In Nashville, Garth Brooks and redeye gravy are revered in equal measure. What's a chef to do?

As an Englishman living in New York City, I will admit that my exposure to country music had at one time been limited to occasionally hearing the Muzak version of "Rhinestone Cowboy" at a KFC. I'm not a snob; I've just never had any friends who were especially big on country. Or, for that matter, who would even tolerate it.

But exploring Nashville and its restaurants has made a new man out of me--a country-music-lovin' man. My interest had been piqued when I heard that a number of chefs educated at the Culinary Institute of America and other prestigious training grounds were taking up posts in the city. Some were lured by money: Nashville's music industry and university scene have created a demand for restaurants that serve innovative food. But at least one chef I met came because his wife had dreams of making it as a country-music star.

And so I set off for Nashville, with Southern food on my mind and a shiny new George Jones CD in my Walkman. I'd expected the city to have a touch of Vegas-style flash, but physically it is a rather vague place, with gray and brown low-rise buildings tucked into squat hills, divided toward the east by the Cumberland River. The twin antennas of the aggressively modern BellSouth tower (nicknamed the Batman Building) dominate the new downtown and make an interesting architectural counterpoint to Music Row, where multinational record companies are shoehorned among nondescript little houses--a prime example of the deliberate playing down of wealth that, I discovered, is so common in the country-music industry.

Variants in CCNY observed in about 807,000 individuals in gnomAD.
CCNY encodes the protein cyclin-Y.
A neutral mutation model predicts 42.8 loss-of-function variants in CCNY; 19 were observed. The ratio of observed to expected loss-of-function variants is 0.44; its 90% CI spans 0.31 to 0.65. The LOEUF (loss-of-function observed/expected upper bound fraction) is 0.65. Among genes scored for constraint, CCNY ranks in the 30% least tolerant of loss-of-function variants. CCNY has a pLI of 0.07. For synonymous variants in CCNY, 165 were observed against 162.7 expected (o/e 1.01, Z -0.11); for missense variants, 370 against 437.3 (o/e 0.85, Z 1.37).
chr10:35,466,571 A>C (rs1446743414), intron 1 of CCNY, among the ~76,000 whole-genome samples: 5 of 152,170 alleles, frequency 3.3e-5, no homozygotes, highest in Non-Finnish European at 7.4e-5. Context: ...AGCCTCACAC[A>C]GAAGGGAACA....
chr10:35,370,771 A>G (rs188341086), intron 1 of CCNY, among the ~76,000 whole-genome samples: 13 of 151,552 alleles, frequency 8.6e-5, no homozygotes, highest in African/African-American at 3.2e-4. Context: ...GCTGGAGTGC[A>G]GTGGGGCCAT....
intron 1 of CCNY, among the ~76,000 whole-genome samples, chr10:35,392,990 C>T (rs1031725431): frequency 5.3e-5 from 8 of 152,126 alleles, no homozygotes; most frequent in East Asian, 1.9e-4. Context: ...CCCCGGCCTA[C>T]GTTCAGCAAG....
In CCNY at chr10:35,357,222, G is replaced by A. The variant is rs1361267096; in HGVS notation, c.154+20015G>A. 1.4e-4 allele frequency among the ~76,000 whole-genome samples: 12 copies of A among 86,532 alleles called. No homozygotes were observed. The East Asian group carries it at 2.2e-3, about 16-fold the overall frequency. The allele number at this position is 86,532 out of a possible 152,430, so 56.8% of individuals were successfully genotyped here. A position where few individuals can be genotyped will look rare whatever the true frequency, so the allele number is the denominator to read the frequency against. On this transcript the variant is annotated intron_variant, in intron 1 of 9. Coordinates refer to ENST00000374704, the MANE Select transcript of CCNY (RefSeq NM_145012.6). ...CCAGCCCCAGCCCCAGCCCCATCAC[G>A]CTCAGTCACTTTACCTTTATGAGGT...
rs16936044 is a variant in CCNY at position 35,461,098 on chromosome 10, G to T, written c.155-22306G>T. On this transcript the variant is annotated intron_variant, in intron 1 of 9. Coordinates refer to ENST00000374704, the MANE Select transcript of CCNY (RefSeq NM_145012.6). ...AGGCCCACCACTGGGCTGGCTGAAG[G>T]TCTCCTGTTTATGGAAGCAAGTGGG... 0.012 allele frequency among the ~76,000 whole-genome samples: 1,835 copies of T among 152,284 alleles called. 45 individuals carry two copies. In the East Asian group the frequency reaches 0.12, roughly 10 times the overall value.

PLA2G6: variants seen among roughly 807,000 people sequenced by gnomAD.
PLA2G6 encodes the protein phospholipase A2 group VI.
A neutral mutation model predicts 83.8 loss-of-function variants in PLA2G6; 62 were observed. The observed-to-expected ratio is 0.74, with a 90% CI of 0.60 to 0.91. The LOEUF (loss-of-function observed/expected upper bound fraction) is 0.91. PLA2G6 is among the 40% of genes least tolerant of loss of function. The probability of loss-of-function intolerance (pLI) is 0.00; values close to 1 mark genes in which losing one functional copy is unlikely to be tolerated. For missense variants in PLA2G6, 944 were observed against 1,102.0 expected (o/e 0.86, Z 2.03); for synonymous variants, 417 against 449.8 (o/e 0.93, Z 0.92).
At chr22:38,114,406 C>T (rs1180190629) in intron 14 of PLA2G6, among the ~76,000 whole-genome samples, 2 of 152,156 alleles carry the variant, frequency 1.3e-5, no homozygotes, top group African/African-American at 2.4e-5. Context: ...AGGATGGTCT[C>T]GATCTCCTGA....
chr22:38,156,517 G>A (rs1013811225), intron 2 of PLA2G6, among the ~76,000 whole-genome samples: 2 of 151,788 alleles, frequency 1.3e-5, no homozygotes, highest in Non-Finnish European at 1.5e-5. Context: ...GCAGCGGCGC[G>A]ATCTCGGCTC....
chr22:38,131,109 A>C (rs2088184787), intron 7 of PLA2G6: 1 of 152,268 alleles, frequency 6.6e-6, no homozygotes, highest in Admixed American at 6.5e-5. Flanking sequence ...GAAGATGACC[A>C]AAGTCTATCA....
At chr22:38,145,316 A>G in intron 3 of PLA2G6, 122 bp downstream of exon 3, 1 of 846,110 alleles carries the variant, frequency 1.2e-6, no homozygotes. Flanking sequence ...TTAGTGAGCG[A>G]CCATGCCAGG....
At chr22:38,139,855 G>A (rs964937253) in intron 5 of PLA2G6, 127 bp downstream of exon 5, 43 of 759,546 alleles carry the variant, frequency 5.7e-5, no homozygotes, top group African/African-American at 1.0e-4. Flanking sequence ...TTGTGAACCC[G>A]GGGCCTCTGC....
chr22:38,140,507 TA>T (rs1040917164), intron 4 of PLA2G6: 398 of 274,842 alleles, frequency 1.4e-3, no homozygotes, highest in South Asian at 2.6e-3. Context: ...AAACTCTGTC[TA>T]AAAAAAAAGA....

Music is absolutely everywhere in Nashville, from the funky Bluebird Cafe, Tootsies and Radio Cafe to the Ryman Auditorium to that holy of holies, the Grand Ole Opry. I spent my first evening at the Opry, an experience that bordered on the religious even for a greenhorn like me.Home to a radio show broadcast live every weekend since 1925, the Opry features performances from a roster of country music's Who's Who (and Who's Next) interspersed with advertisements from the sponsors. When The Four Guys finished their set, the spotlight revealed a smooth-talking fellow in a dark suit, stage left. A slide projector beamed images of Martha White flour products overhead while he invited the audience to imagine a world without cornmeal. As his apocalyptic description continued, the crowd gamely played along, and mutterings of "Hell, no!" were heard before applause greeted the announcer's proclamation that Martha White would sponsor a cornmeal festival in Shelbyville.

This fascination with cornmeal became ever more apparent during my next few days in Nashville, as I tasted cornmeal-coated clams, cornmeal-coated shrimp, cornmeal-coated okra, cornmeal-coated eggplant and hush puppies, which are little more than cornmeal-coated cornmeal. I suspect that it's not the flavor of cornmeal that attracts Southern aficionados, but the fact that cornmeal lends itself to frying, which is as central to Southern cooking as roasting is to British cooking.